The Editor’s Eye is a wonderful tribute to Vogue’s 120-year history, and the fashion editors or visionaries who conceptualize a story from start to finish. Selecting models, locations, photographers, and clothing to create those arresting images. I can’t wait to spend more time with this book and to share a few fashion tomes that I love. The evening was a lovely celebration of Vogue’s women of today, Grace Coddington, Tonne Goodman, Phyllis Posnick and Camilla Nickerson and those from the past who paved the way- Carlyne Cerf de Dudzeele, Jade Hobson, Polly Mellen and Babs Simpson, who never cease to inspire. And of course, the night was a heartfelt toast to the woman who brings out excellence in everyone. 

Such a lovely evening indeed…

October 1, 2012

Style Essentials- The Bespoke Silk Blouse

Bespoke Silk Shirt, J. Crew Trousers and Miu Miu Shoes 

If there’s one bit of luxury that I can’t get enough of, it’s having the opportunity to work directly with a designer or studio to create a bespoke piece. It’s pure joy. The process of creating an item from scratch is inherently personal. It’s the nuance of your tastes and preferences laid bare. Working directly with designers and studios on pieces has made me acutely attentive to the subtleties of my style.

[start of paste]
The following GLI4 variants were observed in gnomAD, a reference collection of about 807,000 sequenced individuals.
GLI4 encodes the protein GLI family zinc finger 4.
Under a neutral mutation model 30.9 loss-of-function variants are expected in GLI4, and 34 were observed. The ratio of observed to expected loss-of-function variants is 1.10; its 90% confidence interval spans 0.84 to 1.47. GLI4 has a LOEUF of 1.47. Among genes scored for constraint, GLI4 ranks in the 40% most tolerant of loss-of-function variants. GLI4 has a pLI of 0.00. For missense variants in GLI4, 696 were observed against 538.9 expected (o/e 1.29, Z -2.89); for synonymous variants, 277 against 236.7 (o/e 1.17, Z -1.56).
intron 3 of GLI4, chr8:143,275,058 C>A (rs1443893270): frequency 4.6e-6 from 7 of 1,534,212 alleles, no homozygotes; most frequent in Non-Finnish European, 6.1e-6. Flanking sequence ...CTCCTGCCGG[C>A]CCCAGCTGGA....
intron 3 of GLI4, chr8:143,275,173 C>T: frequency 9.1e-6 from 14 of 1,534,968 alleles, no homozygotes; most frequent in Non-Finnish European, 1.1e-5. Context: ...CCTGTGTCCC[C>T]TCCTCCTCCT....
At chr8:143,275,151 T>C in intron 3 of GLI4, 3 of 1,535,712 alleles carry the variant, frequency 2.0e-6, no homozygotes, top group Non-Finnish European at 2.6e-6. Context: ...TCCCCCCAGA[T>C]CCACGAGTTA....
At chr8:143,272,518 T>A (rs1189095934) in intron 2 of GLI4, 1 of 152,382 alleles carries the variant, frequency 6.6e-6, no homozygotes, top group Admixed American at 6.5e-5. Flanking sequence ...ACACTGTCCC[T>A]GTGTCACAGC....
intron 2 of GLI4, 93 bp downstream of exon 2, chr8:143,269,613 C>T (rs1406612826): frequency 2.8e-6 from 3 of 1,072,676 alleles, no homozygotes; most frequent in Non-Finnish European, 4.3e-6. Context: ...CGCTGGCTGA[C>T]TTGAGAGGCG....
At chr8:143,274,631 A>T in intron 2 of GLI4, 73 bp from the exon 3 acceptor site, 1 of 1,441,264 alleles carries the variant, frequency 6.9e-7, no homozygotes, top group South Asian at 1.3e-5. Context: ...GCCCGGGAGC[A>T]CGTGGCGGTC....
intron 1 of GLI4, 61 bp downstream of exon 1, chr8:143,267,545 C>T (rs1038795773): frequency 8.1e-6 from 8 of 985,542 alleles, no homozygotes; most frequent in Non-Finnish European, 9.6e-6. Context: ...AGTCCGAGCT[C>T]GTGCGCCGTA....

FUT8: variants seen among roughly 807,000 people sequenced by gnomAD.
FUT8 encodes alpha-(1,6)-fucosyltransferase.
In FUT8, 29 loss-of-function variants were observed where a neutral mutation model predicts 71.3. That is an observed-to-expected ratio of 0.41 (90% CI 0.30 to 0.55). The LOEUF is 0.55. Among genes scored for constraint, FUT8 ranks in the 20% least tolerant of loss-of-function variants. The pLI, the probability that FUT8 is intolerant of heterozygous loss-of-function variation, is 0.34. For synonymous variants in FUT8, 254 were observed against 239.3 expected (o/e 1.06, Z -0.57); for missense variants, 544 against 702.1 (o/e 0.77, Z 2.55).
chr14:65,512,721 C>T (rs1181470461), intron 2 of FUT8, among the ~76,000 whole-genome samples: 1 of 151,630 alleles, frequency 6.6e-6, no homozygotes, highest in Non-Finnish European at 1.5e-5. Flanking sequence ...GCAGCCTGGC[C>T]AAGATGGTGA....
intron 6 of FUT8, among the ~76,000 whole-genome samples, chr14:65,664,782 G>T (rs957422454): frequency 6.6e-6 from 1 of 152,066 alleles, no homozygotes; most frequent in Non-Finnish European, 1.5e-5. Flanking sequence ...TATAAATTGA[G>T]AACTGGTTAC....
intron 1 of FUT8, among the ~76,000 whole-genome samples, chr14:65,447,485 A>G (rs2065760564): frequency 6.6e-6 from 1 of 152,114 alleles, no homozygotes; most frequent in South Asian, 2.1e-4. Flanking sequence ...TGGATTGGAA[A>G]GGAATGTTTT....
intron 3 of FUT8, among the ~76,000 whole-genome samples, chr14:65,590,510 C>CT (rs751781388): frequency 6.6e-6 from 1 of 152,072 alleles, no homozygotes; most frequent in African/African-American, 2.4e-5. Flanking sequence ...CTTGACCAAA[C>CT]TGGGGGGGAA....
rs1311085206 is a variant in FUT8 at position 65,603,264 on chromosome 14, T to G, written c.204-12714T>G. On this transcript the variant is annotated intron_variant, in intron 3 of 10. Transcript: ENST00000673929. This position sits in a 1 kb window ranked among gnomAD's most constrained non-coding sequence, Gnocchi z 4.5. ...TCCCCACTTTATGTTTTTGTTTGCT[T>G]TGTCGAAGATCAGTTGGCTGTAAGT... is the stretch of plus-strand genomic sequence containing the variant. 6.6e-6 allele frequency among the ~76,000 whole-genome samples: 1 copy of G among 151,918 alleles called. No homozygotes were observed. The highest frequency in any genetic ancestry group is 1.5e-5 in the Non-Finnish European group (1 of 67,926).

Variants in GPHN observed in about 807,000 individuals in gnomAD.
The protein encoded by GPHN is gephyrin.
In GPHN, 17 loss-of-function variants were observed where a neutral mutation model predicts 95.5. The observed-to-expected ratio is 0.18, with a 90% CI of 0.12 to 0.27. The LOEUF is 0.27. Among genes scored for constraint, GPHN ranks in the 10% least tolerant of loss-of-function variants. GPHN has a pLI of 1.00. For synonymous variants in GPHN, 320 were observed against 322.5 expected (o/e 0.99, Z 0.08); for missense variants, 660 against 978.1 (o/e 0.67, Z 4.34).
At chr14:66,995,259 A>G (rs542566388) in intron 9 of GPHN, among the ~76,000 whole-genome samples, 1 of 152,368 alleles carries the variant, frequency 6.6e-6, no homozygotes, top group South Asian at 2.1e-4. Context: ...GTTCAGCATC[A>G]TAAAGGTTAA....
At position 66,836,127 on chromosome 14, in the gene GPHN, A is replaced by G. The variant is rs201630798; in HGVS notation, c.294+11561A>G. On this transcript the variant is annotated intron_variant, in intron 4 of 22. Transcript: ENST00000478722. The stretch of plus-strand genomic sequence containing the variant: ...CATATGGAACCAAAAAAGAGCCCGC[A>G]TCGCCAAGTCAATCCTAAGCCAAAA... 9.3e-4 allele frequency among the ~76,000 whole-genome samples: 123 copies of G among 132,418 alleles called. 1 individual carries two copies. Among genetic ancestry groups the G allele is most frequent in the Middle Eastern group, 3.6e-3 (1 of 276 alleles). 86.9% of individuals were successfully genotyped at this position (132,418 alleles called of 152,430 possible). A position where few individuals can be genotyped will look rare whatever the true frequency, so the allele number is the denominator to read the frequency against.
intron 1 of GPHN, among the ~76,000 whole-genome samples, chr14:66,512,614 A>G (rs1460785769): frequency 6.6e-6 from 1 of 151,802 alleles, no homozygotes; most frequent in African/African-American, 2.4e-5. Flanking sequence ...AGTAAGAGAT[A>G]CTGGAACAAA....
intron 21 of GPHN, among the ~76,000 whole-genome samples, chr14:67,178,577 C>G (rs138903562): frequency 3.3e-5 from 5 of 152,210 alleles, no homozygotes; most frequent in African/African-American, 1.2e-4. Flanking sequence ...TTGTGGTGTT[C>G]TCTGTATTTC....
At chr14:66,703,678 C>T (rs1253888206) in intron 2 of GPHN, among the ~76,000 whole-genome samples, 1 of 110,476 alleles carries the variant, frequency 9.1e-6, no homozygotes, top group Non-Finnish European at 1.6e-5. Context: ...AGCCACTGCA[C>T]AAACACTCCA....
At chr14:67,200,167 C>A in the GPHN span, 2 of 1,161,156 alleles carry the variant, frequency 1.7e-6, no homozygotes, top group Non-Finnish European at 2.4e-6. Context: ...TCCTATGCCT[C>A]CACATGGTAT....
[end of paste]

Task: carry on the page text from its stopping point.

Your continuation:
I’ve long had a special place in my heart for bespoke shirts. Perfect button downs from Charvet worn with Alaia skirts just like Sofia Coppola. Ever such elegant silk shirts that drape just so. For someone, with a slim build and narrow, pointy shoulders, coming up with a few good designs for shirts has been a small mercy. 

Drapey, slouchy, but tailored to perfection, my silk shirts in ivory have long been wardrobe essentials. There’s just something so polished and at the same time nonchalant about a luxurious silk shirt. 
When Philip Cheng and Jack Chui of Soong Salon De Mode came to New York back in the spring, I had my mind made up, that I would have this shirt made*. We spent a Saturday morning looking over my inspiration images, fabrics and sketching a few ideas. It never ceases to amaze me that this pair can bring a garment that I envision to fruition. Philip Cheng and Jack Chui are such perfectionists and do beautiful, precise work. It’s the type of classically beautiful work that you don’t see often and that always garners compliments. 

Something kept telling me to have a couple of my beloved silk shirts made in a lighter momme weight. I found a beautiful ivory/cream silk that manages not to be too sheer. Over the summer, my shirts arrived- gorgeously packaged, immaculately pressed and folded with acid-free tissue paper. A few fabric swatches and plenty of extra buttons accompanied the package. 

Worn half-tucked like a French Voguette, I’ve been living in my silk shirts. During fashion week they were most certainly a chic go-to.

* The cotton voile shirt with puff sleeves and a Peter Pan collar is just as enchanting as I imaged.